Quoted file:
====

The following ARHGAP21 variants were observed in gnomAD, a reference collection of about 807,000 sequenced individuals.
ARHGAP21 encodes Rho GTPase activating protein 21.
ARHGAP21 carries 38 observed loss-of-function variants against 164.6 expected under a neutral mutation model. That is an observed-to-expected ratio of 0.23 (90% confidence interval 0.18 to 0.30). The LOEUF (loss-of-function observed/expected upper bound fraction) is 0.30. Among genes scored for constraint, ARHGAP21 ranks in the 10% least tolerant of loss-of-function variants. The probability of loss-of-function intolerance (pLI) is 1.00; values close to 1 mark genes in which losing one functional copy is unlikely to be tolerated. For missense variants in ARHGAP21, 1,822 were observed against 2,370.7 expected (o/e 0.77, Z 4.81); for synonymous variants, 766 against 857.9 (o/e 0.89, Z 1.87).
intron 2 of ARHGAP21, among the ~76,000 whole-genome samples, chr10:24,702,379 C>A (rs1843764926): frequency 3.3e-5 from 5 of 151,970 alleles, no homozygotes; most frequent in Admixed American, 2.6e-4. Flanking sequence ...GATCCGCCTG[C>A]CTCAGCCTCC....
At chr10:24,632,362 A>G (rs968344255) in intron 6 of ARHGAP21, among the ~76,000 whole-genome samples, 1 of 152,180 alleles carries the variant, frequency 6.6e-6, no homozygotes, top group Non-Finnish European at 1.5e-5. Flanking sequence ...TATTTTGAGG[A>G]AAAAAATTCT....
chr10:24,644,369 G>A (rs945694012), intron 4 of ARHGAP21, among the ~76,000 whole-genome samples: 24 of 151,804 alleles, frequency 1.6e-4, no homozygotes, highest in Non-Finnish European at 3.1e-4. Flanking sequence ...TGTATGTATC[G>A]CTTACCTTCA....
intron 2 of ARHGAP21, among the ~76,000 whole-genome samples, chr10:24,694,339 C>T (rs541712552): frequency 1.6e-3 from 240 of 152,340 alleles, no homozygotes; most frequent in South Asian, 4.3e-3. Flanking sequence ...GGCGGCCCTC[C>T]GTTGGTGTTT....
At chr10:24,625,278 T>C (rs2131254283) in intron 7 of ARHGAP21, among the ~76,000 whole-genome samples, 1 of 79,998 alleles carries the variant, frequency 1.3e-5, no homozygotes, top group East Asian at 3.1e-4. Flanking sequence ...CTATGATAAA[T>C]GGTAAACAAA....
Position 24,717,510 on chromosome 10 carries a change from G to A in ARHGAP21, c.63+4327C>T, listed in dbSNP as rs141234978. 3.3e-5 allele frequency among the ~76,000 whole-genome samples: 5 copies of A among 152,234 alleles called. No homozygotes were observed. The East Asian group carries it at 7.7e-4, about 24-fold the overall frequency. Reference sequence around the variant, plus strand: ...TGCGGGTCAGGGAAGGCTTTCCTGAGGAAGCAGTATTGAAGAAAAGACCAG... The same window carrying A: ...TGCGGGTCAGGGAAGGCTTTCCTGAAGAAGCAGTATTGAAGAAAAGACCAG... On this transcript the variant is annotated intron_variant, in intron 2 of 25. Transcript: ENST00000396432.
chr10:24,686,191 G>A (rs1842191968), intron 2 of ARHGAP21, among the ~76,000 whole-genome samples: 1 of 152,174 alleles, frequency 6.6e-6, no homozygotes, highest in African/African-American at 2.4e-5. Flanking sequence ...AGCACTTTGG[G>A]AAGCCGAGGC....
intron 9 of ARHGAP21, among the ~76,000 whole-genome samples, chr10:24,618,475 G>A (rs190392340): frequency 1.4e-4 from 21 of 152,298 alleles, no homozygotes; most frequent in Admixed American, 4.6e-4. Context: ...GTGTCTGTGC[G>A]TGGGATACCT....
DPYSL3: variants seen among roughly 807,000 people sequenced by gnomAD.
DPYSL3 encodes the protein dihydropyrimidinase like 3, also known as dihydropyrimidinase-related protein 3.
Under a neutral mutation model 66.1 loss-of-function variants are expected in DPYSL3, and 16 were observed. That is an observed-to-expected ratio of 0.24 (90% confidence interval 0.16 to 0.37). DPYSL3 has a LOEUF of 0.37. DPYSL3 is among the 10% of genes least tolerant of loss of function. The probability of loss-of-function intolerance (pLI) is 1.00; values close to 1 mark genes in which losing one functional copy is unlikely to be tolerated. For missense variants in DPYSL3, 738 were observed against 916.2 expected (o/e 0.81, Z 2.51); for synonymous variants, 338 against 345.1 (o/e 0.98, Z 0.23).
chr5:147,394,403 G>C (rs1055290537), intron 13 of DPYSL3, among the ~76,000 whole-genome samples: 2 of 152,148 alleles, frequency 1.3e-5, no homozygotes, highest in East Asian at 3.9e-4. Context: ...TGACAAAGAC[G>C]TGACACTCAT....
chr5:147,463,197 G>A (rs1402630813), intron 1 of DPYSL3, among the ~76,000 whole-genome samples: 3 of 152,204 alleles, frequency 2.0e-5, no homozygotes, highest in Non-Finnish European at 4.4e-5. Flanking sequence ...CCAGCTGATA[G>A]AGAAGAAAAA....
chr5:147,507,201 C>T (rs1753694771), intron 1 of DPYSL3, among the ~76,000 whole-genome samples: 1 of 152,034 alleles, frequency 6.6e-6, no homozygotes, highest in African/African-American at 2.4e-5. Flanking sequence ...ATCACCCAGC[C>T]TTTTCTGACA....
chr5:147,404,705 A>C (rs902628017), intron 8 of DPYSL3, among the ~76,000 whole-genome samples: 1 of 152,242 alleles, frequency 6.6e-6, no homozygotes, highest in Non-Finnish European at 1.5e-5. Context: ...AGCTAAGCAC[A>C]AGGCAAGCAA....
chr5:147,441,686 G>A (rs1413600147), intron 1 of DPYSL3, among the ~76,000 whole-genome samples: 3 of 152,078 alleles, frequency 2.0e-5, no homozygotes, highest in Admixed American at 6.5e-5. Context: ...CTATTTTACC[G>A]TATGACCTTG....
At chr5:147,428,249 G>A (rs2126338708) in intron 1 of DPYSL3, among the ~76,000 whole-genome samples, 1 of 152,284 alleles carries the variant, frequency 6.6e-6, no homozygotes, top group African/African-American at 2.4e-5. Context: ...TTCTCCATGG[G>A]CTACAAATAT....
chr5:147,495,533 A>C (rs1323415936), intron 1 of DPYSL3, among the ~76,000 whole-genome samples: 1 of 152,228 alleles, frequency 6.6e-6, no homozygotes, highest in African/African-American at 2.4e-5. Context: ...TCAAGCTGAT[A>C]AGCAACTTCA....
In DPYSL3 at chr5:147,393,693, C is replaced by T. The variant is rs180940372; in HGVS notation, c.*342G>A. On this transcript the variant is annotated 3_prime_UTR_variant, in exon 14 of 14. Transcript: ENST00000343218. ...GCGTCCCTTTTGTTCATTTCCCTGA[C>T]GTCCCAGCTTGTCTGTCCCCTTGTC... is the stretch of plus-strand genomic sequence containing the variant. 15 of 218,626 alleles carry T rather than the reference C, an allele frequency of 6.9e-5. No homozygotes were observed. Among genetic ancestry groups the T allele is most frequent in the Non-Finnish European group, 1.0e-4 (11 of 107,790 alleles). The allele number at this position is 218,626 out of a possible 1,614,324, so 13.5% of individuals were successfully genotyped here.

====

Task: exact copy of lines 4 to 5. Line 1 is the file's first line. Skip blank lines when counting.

intron 2 of ARHGAP21, among the ~76,000 whole-genome samples, chr10:24,702,379 C>A (rs1843764926): frequency 3.3e-5 from 5 of 151,970 alleles, no homozygotes; most frequent in Admixed American, 2.6e-4. Flanking sequence ...GATCCGCCTG[C>A]CTCAGCCTCC....
At chr10:24,632,362 A>G (rs968344255) in intron 6 of ARHGAP21, among the ~76,000 whole-genome samples, 1 of 152,180 alleles carries the variant, frequency 6.6e-6, no homozygotes, top group Non-Finnish European at 1.5e-5. Flanking sequence ...TATTTTGAGG[A>G]AAAAAATTCT....